Redundancy can have a significant affect on an individual, and on a psychological level, employees may experience difficulty adjusting. The personal impact of redundancy has even been compared to the emotions experienced during bereavement and each response is unique and valid.

Some organisations put a huge effort into the ‘day of impact’ which is commendable, however many fail to see that the real support for redundancy is needed after the news has been broken.

Choosing to do the ‘right thing’

There are requirements via legislation that organisations are obligated to follow throughout the redundancy process (and may also have obligations via awards, contracts and/or enterprise agreements), however there is a much smaller focus on ‘doing the right thing’ once the employee has been notified. Although not mandated, there are many things that an organisation can do to demonstrate a genuine level of support that is appropriate to the decision that has just been made.

By providing additional assistance, the organisation can help to alleviate stress and hardship. Redundancy creates a genuine opportunity for the employer to demonstrate that this was about removing the ‘position’ and not the ‘person’ and that they are prepared to walk alongside the employee in partnership on the path of uncertainty.

Whilst the motivation to support the employee should not be purely for organisational benefit, there are many advantages that will come to a business for choosing to recognise and respect employees. Some of these employer benefits include:

  • Impacted employees will be easier to deal with through the redundancy process;
  • Non-impacted employees will respect the care and compassion demonstrated to their peers and it will give them a sense of comfort on how they could expect to be treated if they were ever in that scenario;
  • Employee engagement is less likely to be impacted;
  • Absenteeism is less likely to increase as a result of organisational change;
  • Positive customer, stakeholder and investor relations are likely to remain;
  • Brand damage will be minimised;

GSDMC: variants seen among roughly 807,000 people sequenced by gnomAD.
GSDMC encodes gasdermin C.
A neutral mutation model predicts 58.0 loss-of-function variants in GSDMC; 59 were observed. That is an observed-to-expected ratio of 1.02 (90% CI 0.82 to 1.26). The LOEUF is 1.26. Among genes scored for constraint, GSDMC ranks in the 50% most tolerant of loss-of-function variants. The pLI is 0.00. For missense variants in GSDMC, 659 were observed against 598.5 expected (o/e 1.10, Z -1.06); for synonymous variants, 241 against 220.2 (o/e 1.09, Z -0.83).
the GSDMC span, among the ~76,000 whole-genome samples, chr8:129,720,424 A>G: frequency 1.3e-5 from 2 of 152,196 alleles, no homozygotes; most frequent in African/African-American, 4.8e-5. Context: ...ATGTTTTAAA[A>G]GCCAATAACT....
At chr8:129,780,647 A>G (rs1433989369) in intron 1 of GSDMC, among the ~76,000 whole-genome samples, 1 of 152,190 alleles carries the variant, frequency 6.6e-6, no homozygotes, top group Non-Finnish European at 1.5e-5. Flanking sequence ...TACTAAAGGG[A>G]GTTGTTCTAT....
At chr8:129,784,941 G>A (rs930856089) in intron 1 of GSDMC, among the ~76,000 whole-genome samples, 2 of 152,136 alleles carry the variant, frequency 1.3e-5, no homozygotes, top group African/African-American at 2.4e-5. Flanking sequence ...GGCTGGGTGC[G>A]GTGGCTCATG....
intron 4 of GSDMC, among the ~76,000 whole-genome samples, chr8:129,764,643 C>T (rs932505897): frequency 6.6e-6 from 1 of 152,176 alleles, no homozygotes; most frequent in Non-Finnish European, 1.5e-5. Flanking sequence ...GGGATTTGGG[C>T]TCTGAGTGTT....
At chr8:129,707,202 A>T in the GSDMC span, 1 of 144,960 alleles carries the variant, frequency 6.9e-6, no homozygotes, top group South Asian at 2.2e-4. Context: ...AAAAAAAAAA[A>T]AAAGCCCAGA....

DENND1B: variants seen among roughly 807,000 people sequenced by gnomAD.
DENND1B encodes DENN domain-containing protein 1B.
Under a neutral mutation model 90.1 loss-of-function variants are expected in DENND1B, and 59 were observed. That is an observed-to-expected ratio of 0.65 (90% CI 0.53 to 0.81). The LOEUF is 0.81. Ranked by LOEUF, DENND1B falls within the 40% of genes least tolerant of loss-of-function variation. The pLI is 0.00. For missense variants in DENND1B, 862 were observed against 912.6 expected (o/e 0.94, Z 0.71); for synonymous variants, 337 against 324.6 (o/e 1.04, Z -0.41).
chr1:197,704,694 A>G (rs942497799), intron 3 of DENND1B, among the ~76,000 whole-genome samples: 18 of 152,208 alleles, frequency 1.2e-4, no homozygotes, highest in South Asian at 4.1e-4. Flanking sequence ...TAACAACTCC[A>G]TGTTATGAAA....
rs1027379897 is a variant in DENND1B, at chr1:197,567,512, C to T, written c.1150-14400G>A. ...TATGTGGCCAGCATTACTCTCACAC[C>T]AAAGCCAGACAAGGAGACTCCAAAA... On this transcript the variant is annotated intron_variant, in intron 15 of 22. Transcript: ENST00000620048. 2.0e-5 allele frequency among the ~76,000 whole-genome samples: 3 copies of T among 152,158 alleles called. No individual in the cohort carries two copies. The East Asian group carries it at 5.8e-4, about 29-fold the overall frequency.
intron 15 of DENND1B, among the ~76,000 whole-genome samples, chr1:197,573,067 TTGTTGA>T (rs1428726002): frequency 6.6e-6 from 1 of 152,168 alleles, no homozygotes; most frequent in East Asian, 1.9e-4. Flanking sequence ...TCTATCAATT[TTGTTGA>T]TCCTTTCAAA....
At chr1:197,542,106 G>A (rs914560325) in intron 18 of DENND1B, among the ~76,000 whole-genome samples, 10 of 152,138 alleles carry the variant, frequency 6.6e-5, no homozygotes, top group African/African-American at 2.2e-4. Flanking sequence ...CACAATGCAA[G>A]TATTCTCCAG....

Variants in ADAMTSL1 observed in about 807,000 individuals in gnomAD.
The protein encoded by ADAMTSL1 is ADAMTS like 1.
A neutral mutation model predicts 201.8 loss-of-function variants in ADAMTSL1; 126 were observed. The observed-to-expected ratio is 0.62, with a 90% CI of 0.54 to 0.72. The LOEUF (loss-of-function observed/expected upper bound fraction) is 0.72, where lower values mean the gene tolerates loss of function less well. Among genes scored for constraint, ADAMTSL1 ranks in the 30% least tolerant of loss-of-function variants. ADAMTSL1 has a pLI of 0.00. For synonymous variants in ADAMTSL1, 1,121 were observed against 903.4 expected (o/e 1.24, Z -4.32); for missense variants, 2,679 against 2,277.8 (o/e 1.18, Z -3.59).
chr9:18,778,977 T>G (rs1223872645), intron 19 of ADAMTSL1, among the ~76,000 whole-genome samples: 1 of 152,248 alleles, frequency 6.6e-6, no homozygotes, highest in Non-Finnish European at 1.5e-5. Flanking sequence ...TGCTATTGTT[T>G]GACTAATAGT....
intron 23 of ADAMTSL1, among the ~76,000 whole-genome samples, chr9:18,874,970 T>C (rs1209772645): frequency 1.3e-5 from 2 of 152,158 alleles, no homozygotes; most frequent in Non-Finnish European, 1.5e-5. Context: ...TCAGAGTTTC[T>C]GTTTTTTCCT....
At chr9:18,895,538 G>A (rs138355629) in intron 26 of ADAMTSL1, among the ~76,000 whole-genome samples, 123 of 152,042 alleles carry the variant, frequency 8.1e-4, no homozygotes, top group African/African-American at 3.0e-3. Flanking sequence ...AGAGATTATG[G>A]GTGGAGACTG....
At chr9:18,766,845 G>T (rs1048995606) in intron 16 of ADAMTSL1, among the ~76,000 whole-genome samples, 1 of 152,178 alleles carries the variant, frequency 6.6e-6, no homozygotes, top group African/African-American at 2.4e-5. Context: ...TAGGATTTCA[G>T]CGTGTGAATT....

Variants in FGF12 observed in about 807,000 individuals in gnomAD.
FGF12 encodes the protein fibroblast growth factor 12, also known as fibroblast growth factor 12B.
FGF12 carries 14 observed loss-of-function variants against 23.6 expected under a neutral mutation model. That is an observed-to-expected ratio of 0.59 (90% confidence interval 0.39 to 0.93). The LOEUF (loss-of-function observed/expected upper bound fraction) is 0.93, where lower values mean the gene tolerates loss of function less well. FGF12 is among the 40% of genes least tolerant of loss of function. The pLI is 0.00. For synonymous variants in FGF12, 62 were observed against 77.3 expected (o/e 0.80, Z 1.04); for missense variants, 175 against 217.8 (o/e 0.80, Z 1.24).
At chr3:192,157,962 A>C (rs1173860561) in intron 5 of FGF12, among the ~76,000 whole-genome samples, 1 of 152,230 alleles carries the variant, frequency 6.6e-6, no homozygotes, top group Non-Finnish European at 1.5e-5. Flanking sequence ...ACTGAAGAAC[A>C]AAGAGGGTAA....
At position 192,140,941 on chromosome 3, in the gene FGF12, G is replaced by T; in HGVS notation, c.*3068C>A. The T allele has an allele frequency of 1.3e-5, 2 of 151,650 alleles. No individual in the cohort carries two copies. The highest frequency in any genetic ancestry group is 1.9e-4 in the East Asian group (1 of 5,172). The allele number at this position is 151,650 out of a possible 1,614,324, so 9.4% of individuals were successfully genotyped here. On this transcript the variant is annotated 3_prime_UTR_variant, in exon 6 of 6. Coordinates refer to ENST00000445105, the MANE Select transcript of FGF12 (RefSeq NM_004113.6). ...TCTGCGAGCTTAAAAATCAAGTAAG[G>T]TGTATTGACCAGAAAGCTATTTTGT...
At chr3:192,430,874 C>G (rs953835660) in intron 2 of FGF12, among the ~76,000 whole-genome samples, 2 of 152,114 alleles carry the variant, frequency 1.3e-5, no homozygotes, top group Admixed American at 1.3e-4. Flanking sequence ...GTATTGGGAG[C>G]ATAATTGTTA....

• Existing employees will be retained and there will be a reduced risk of them seeking alternative employment;
  • A reduction of the risk of claims such as unfair dismissal, breach of general protections or discrimination; and
  • Good will in the bank will be generated with existing employees and enforce a reputation for authentic and transparent leadership.

Employees that receive support by an organisation after they have been impacted through redundancy are likely to:

  • Have a reduced ongoing psychological or emotional impact;
  • Keep a positive relationship with the current employer;
  • Speak positively about the leaders in the organisation and the business in general;
  • Possess a level of optimism about the future;
  • Feel supported to find alternative employment; and
  • Continue to work in a productive manner throughout their notice period.

What are the main options to support employees?

There are unlimited options for an organisation to support employees that have been impacted by redundancy. Supporting employees is a specialist skill and where possible, it is recommended that organisations invest in an outplacement service.

For some employers, this external investment is not possible due to insufficient budget. Whilst it would be considered best practice, there are many alternatives that an organisation can choose to minimise impact and potential hardship on an employee.

Before an organisation decides on the most appropriate support service, consideration should be given to:

  • How will it be received by the impacted employees?
  • What budget would be required to implement the service?
  • The scope of the proposed service including how many employees would have access?
  • When the support will be provided and whether it will be held on site or off site?
  • Will employees be paid for the time that they are receiving support?

The following are some options for employers to help support employees affected by redundancy:

Employee Assistance Program (EAP) Time off for interviews Financial support services
Support with job preparation Support in identifying strengths, hidden skills and opportunities Additional training / finalisation of professional certificates / tickets
Goal Setting discussions Mentoring Commitment to continue to seek suitable alternative positions